Bust of Santa Costanza, Costantina, daughter of Constantine in terracotta

Bust of Santa Costanza, Costantina, daughter of Constantine in terracotta

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Santa Costanza or Costantina (about 318 - Bithynia, 354), daughter of Constantine. Bust in terracotta, copy of the famous wooden bust made by Donatello known as "la Bella Fiorentina". Bust made between 1450 and 1475 (3rd quarter of the 15th century). The original (in poplar wood) is kept in the Louvre in room 160 in the Donatello Gallery.



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Data sheet


Height 18.9 in 48 cm
Weight 30.86 lbs 14 Kg
Artist / Creator / Architect Donatello (Firenze, 1386 – Firenze, 13 dicembre 1466)
Historical period IV century a.C.
Manufacturing from Tuscany
Material Terracotta
Museum where the Original is exhibited Louvre Paris - room 160 in the Donatello Gallery
Museum cataloging number RF7 89
Note 01 Sculpted in Florence between 1450 and 1475 (3rd quarter of the 15th century)
Note 02 Known in Florence as "La bella Fiorentina"

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This small terracotta bust portrays the Daughter of Constantine I, Constantina (c. 318 - Bithynia, 354) was a member of the Constantinian dynasty, which ruled over the Roman Empire in the first half of the 4th century. Constantina was the daughter of the Roman emperor Constantine the Great and of Fausta, in turn the daughter of Maximian. She was given the title of august by her father. She was the sister of the emperors Constantine II, Constantius II and Constant I, wife of the "king" Annibaliano and of Caesar Constantius Gallus. She is venerated as a saint, with the name of Constance. Donatello sculpted this bust in poplar wood between 1450 and 1475 (3rd quarter of the 15th century).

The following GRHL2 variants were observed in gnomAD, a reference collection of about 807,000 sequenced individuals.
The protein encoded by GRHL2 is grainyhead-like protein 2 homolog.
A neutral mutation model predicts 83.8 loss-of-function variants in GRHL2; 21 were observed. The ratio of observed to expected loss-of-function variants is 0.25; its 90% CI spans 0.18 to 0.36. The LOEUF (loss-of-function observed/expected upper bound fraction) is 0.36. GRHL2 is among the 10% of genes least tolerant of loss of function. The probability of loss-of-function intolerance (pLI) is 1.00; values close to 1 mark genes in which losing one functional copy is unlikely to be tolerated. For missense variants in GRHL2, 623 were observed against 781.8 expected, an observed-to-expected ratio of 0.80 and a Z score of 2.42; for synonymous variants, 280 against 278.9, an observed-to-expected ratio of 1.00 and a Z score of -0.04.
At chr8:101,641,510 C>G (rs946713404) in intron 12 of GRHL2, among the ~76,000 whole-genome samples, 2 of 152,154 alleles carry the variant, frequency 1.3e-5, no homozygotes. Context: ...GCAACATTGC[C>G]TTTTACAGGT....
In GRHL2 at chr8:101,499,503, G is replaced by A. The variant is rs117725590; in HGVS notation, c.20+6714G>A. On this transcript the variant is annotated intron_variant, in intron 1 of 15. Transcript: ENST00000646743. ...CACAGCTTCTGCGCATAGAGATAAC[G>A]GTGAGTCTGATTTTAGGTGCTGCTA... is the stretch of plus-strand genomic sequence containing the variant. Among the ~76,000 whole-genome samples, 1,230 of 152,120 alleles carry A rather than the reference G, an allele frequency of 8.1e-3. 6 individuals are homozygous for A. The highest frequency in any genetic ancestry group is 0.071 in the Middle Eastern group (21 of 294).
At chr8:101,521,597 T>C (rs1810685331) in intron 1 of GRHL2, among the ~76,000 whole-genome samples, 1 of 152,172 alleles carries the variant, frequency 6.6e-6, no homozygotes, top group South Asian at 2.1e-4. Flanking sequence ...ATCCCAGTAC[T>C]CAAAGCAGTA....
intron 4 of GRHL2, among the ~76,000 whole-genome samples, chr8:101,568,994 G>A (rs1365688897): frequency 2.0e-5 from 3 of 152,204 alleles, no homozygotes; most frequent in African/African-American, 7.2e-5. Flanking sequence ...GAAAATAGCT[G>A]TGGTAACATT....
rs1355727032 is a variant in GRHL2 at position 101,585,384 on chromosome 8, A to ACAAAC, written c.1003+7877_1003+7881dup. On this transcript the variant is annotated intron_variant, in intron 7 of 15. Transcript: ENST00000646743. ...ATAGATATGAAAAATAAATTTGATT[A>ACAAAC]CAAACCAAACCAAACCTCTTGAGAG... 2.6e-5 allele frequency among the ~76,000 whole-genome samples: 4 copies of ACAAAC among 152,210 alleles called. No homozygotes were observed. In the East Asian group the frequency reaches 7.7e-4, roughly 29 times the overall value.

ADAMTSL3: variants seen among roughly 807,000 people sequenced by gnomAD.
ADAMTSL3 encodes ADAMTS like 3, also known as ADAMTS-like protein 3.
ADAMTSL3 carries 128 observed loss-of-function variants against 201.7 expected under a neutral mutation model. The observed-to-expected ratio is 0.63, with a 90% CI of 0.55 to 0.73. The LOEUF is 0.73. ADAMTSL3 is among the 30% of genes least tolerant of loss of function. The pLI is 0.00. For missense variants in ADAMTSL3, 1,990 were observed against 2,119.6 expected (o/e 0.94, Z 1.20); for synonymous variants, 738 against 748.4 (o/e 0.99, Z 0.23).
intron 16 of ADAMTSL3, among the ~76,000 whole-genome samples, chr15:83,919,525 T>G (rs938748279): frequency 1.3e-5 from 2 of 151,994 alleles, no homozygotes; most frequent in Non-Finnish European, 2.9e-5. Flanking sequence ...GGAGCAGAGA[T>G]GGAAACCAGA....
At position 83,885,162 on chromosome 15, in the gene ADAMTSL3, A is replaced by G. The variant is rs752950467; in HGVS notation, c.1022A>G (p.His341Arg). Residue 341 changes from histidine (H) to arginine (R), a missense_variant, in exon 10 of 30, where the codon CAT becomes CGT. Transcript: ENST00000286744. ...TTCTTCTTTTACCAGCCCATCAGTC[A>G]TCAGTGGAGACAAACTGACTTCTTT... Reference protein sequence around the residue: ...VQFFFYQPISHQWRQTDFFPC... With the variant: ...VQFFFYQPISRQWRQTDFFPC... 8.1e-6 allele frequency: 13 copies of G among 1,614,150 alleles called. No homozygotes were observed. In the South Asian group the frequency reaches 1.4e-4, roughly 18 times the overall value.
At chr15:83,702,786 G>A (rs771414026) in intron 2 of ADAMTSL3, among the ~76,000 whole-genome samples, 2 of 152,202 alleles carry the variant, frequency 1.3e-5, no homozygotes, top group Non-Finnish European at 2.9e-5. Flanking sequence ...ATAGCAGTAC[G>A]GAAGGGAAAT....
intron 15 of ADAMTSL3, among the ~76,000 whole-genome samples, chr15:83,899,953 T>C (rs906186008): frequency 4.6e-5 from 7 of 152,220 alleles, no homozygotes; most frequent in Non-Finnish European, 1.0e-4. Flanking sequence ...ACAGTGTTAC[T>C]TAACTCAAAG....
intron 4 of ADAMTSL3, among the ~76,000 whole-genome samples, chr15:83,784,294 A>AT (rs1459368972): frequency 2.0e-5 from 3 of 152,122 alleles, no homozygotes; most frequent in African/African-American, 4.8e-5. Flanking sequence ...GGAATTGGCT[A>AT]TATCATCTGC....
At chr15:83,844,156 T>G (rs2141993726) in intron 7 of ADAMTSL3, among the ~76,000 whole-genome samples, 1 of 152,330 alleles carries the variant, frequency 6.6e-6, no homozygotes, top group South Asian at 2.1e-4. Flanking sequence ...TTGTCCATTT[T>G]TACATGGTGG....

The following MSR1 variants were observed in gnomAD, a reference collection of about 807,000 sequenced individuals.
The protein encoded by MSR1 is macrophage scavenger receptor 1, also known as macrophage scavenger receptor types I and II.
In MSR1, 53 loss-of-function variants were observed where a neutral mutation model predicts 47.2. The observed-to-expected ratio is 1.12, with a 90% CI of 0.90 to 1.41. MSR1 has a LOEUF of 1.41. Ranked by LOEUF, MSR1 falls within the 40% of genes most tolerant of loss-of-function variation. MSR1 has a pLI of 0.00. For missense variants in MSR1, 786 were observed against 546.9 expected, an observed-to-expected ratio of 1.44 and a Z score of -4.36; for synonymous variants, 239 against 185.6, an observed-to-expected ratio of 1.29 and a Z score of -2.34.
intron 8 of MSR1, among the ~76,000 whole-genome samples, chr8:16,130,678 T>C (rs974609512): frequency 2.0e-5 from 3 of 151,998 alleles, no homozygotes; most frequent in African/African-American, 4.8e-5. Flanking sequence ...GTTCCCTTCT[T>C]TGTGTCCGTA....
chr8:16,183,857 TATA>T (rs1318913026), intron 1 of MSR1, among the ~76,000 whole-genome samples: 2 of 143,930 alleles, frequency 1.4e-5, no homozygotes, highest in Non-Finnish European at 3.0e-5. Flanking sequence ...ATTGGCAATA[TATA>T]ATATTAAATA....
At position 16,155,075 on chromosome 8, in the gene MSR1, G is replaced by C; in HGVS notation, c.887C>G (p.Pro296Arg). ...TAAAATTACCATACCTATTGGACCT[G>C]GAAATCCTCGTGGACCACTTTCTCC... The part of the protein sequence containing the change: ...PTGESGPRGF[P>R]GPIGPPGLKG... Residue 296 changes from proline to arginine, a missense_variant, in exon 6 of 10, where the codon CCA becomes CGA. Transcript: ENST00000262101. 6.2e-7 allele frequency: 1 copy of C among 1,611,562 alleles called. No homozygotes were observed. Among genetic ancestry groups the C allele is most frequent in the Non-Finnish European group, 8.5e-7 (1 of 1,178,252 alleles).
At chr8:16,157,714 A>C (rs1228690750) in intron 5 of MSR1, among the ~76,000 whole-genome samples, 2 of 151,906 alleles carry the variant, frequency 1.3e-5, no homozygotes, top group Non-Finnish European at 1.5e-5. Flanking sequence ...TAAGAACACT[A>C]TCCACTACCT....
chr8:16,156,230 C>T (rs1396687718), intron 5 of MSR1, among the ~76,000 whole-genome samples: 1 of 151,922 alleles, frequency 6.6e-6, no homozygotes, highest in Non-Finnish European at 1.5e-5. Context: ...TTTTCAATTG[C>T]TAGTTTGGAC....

In Florence known as the bust of Santa Costanza called "the Beautiful Florentine".
Preserved at the Louvre Museum, Department of Sculptures of the Middle Ages, the Renaissance and the Modern Era, Room 160 - Donatello Gallery.
The mausoleum of Constantina, better known as the mausoleum of Santa Costanza, is a Catholic place of worship in Rome located in via Nomentana. It was built between 340 and 345, as his own mausoleum, by Constantina, daughter of Constantine I, close to the Constantinian basilica, near the tomb of Saint Agnes, of which Constantina was a devotee. Both Constantina and her sister Elena were buried there. The building was called "di Santa Costanza" when Constantina was venerated as a saint. The mausoleum, like the basilica (today in a state of ruin) to whose left side it was connected, was imperial property, and not ecclesiastical, and after being used as a baptistery of the basilica of Sant'Agnese fuori le mura, it became an autonomous church in 1254 at the behest of Pope Alexander IV.
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